"Yes, boys, it will soon be good-bye to old Milton!" exclaimed Chet, with a sigh.
"I wonder if we'll get anybody like Dr. Morrison at any of the colleges we go to?" spoke Ben.
"You can't beat him—no matter where you go!" declared Andy. "He's the best ever!"
"That's right! He knows just how to take a fellow," commented Tom. "Remember the time I smuggled the puppy into the physiology class?"
"I should say we did!" laughed Andy.
"And how he yelped when I pinched his tail that stuck out from under your coat," added Ben. "Say, it was great!"
"I'll never forget how old Pop Swann looked up over the tops of his glasses," put in Frank.
"Dr. Morrison was mighty decent about it when he had me up on the carpet, too," added Tom. "I thought sure I was in for a wigging—maybe a suspension, and I couldn't stand that, for dad had written me one warning letter.
"But all Prexy did was to look at me in that calm, withering, pitying way he has, and then say in that solemn voice of his: 'Ah, Hatfield, I presume you are going in for vivisection?' Say, you could have floored me with a feather. That's the kind of a man Dr. Morrison is."
"Nobody else like him," commented Andy, with a sigh.
"Oh, well, if any of us go to Yale, or Princeton, or Harvard, I guess we'll find some decent profs. there," spoke Ben. "They can't all be riggers."
"Sure not," said Andy. "But those colleges will be a heap sight different from Milton."
"Of course! What do you expect? This is a kindergarten compared to them!" exclaimed Frank.
"But it's a mighty nice kindergarten," commented Tom. "It's like a school in our home town, almost."
"I sure will be sorry to leave it," added Andy. "But come on; we'll never get to Kelly's at this rate."
The sun was sinking behind the western hills in a bank of golden and purple clouds. Two miles yet lay between the lads and their objective point—the odd little oyster and chop house so much frequented by the students of Milton. It was an historic place, was Kelly's; a beloved place where the lads foregathered to talk over their doings, their hopes, their fears, their joys and sorrows. It was an old-fashioned place, with little, dingy rooms, come upon unexpectedly; rooms just right for small parties of congenial souls—with tall, black settles, and tables roughened with many jack-knifed initials.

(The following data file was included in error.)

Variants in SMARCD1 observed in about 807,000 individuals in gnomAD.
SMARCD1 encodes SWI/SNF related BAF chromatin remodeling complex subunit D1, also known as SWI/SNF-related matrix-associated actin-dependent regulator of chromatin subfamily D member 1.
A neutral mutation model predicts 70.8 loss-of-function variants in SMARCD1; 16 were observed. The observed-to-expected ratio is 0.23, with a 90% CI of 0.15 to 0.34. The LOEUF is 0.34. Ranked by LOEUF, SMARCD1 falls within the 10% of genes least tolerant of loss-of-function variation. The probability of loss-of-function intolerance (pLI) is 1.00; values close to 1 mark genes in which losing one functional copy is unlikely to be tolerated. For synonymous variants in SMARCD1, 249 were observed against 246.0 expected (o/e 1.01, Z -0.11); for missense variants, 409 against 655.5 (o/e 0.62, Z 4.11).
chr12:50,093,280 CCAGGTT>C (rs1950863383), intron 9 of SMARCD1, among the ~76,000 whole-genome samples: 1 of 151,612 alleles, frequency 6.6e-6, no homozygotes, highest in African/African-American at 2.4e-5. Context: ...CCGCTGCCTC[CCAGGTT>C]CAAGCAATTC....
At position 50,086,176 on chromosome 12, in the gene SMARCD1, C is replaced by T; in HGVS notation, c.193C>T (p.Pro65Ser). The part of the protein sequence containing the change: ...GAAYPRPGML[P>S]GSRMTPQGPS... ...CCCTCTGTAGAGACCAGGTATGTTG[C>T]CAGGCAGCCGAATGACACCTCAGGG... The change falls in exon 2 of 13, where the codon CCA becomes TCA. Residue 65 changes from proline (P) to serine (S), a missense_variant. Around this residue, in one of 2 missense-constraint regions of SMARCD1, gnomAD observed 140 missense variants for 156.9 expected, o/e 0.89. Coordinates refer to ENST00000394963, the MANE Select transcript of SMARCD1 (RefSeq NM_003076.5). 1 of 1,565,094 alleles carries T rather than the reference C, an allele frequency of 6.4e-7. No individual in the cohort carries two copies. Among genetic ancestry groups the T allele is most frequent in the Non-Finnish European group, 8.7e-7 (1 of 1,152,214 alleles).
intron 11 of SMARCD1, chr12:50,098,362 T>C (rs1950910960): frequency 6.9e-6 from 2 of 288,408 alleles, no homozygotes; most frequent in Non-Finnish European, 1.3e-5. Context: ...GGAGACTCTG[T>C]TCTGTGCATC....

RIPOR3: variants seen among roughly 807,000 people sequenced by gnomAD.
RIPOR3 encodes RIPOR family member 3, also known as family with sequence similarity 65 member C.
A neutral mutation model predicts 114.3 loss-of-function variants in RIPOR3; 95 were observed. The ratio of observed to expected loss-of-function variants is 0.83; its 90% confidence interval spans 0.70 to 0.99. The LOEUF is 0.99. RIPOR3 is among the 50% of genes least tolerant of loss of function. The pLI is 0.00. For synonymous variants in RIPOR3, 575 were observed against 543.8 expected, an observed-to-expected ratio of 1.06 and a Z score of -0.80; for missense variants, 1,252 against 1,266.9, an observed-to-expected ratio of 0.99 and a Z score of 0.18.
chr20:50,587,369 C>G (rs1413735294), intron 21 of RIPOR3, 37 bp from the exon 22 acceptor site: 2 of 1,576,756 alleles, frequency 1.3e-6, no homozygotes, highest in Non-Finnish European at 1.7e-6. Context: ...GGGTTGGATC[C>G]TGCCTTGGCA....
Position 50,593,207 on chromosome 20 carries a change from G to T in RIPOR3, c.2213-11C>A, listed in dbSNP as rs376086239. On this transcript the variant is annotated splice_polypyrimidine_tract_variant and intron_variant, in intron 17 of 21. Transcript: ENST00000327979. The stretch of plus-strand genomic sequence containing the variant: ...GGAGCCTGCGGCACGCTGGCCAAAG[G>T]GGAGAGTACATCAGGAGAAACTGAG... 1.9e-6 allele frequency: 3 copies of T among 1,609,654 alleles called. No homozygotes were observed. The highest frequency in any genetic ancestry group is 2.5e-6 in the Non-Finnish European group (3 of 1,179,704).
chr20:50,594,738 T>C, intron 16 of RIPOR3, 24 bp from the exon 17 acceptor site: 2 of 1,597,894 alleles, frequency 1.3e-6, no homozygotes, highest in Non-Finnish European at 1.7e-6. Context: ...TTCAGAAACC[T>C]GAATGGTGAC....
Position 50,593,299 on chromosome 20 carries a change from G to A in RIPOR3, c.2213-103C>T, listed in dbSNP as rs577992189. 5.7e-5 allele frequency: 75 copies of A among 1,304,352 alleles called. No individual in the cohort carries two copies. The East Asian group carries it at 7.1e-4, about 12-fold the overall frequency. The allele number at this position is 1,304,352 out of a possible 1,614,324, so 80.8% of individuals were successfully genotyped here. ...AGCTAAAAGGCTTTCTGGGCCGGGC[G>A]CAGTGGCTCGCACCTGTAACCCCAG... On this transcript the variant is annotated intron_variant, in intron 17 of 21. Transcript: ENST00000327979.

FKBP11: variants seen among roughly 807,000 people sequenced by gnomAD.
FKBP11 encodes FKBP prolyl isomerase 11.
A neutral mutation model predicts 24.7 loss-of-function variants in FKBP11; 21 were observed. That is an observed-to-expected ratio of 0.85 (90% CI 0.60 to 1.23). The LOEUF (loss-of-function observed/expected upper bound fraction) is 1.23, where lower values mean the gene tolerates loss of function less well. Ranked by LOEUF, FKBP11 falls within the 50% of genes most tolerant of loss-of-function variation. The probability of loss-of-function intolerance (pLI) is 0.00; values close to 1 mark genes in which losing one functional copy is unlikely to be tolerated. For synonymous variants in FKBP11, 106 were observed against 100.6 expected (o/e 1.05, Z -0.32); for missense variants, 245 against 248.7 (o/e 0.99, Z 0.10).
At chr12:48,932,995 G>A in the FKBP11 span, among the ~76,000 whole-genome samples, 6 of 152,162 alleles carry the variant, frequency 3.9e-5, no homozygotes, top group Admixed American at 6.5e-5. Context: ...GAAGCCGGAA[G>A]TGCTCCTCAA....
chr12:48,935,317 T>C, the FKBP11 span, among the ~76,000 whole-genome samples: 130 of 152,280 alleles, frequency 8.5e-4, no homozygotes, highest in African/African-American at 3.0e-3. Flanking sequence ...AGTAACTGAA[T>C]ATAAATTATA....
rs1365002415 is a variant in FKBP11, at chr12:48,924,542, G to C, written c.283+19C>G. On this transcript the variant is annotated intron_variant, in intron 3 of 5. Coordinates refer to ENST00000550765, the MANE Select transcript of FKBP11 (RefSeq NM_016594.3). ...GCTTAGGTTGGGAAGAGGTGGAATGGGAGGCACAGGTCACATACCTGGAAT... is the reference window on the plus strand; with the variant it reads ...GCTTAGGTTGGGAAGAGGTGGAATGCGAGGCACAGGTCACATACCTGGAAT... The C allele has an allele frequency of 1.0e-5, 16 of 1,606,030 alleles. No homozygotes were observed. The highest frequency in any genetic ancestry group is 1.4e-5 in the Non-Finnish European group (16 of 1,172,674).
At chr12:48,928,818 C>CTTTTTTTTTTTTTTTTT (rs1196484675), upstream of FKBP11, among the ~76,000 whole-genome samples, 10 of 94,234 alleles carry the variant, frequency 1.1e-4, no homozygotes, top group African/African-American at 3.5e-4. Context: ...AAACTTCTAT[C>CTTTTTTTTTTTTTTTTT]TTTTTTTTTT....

"We can cut over to the road, and get there quicker," remarked Andy, after a pause. "Suppose we do it. I don't want to get back too late."
"All right," agreed Tom. "I want to write a couple of letters myself."
"Oh, ho! Now who's got a girl?" demanded Chet, suspiciously.
"Nobody, you amalgamated turnip. I'm going to write to dad, and settle this college business. Might as well make a decision now as later, I reckon."
"We'll have to sign soon, or it will be too late," spoke Chet. "Those big colleges aren't like the small prep. schools. They have waiting lists—at least for the good rooms in the campus halls. That's where I'd like to go if I went to Yale—in Lawrance Hall, or some place like that, where I could look out over the campus, or the Green."
"There are some dandy rooms in front of Lawrance Hall where you can look out over the New Haven Green," put in Ben. "I was there once, and how I did envy those fellows, lolling in their windows on their blue cushions, puffing on pipes and making believe study. It was great!"
"Making believe study!" exclaimed Andy. "I guess they do study! You ought to see the stiff list of stuff on the catalog!"
"You got one?" asked Chet.
"Sure. I've been doping it out."
"I thought you said you hadn't decided where to go yet," remarked Frank.
"Well, I have," returned Andy, quietly.
"You have! When, for the love of tripe? You said a while ago—"
"I know I did. But I've decided since then. I'm going to Yale!"
"You are? Good for you!" cried Tom, clapping his chum on the back with such energy that Andy nearly toppled over. "That's the stuff! Rah! Rah! Rah! Yale! Bulldog!"
"Here! Cut it out!" ordered Andy. "I'm not at Yale yet, and they don't go around doing that sort of stuff unless maybe after a game. I was down there about a month ago, and say, there wasn't any of that 'Rah-rah!' stuff on the campus at all. But of course I wasn't there long."
"So that's where you went that time you slipped off," commented Chet. "Down at Yale. And you've decided to sign for there?"
"I have. It seemed to come to me as we walked down the hill. I've made my choice. I'm going to write to dad."
They walked on silently for a few moments following Andy's remarks.
"'It was the King of France, He had ten thousand men. He marched them up the hill, And marched them down again!'"
Thus suddenly quoted Chet in a sing-song voice, adding:
"If we're going to get any grub at Kelly's, it's up to us to march down this hill faster than we've been going, or we'll get left. That other crowd from Milton will have all the good places."
"Come on then, fellows, hit her up!" exclaimed Frank. "Hep! Hep! Left! Left!" and they started off at a good pace.
They reached the country road that led more directly to Churchtown, and swung off along this. The setting sun made a golden aurora that June day, the beams filtering through a haze of dust. The boys talked of many things, but chiefly of the coming parting—of the colleges they might attend.
As they passed a farmhouse near the side of the road, and came into view of the barnyard, they saw two men standing beside a team of horses hitched to a heavy wagon. One was tall and heavily built, evidently the farmer-owner. The other was a young man, of about twenty-two years, his left arm in a sling.
The boys would have passed on with only a momentary glance at the pair but for something that occurred as they came opposite. They saw the big man raise a horse-whip and lash savagely at the young man.